Qantas Airways plans to resume operating the Airbus A380 on flights to Los Angeles from 17 January, say Australian media reports.
The Oneworld carrier, however, has dismissed the reports as "speculative" and adds that it has yet to announce when A380 flights will resume on the trans-Pacific route.
Qantas grounded its A380 fleet following the 4 November uncontained engine failure on an A380 flight to Sydney from Singapore.
The airline has resumed A380 operations gradually since then but has not done so on flights from Sydney and Melbourne to Los Angeles due to thrust limitations on the Rolls-Royce Trent 900 engines on its A380s.
In a statement of claim filed against Rolls-Royce in the Federal Court of Australia in December 2010, Qantas alleges that it would not be able to operate the A380 profitably on flights to Los Angeles because the engine's thrust limitations would drastically reduce the aircraft's maximum payload.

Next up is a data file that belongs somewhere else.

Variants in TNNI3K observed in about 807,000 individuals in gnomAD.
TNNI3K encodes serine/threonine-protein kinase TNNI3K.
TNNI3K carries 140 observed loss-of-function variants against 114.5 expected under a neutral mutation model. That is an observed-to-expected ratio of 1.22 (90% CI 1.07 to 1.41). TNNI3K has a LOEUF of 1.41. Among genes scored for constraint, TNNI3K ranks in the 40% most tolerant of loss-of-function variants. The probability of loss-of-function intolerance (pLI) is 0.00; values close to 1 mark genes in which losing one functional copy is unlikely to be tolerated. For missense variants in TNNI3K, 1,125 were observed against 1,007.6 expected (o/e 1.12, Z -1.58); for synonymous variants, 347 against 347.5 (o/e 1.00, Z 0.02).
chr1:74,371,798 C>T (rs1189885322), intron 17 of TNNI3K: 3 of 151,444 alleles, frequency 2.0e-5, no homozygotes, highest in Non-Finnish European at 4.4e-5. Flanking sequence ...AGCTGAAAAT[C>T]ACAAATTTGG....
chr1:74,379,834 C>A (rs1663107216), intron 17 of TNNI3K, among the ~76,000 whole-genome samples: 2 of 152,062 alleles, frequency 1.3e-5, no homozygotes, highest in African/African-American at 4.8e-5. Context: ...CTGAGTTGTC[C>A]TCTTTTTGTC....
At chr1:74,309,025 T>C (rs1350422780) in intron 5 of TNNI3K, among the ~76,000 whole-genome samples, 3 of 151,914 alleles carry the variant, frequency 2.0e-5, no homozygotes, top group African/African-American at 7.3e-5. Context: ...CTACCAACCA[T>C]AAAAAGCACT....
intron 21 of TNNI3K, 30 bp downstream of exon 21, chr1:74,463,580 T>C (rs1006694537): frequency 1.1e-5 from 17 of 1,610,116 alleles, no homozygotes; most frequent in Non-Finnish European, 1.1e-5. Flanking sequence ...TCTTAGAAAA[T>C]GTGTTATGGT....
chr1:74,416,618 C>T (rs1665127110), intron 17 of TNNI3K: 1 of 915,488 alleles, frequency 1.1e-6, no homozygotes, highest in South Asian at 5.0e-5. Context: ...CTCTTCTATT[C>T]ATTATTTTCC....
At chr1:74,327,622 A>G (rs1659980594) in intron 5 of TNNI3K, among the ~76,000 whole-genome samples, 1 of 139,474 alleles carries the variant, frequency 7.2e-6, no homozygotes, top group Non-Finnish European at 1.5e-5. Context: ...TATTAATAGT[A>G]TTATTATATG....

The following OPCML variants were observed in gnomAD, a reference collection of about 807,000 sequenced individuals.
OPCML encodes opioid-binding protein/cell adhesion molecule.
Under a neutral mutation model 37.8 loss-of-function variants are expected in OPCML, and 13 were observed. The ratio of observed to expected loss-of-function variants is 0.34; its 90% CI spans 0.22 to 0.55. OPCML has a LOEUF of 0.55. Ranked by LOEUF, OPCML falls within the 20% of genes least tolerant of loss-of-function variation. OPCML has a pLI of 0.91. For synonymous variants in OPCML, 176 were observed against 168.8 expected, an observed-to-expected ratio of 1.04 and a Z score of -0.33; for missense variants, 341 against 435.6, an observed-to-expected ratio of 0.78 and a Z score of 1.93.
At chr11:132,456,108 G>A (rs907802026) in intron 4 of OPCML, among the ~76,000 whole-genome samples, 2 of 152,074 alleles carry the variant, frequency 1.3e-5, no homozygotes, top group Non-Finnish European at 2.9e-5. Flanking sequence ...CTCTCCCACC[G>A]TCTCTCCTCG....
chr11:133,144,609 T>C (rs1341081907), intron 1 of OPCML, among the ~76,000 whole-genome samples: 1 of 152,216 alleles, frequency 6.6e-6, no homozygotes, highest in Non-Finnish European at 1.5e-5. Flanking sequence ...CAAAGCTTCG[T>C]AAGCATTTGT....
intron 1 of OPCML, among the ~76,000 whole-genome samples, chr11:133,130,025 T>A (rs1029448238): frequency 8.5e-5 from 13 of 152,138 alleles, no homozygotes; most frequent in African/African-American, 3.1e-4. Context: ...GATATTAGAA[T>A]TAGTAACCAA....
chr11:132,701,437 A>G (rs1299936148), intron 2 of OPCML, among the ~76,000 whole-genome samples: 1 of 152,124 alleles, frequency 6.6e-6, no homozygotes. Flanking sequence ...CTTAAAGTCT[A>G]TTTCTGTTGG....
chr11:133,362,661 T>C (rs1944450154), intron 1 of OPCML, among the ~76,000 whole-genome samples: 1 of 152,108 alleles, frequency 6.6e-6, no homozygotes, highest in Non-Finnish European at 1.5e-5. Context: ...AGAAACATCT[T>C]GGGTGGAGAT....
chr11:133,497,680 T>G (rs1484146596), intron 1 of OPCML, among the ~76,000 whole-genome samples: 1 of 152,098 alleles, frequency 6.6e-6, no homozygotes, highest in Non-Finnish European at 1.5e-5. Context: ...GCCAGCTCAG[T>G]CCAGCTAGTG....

A Qantas spokesman says the airline is keen to resume A380 flights to Los Angeles, but adds that it has not confirmed a date for the superjumbo jet to return to the route.
Reports say global ticketing systems show the A380 will be operated on the Sydney-Los Angeles route from 17 January, but the spokesman says the carrier published the schedule "purely from a planning perspective".
"We are doing everything we can to put it back into service... and we won't do it until we are 100% sure it's safe," he adds.
The Qantas A380 involved in the 4 November incident remains on the ground in Singapore, while another A380 in Sydney has yet to resume flights, says the spokesman. Following the engine failure, the carrier had to replace or modify several engines on its A380s.
Qantas has a fleet of seven A380s, including the two grounded aircraft.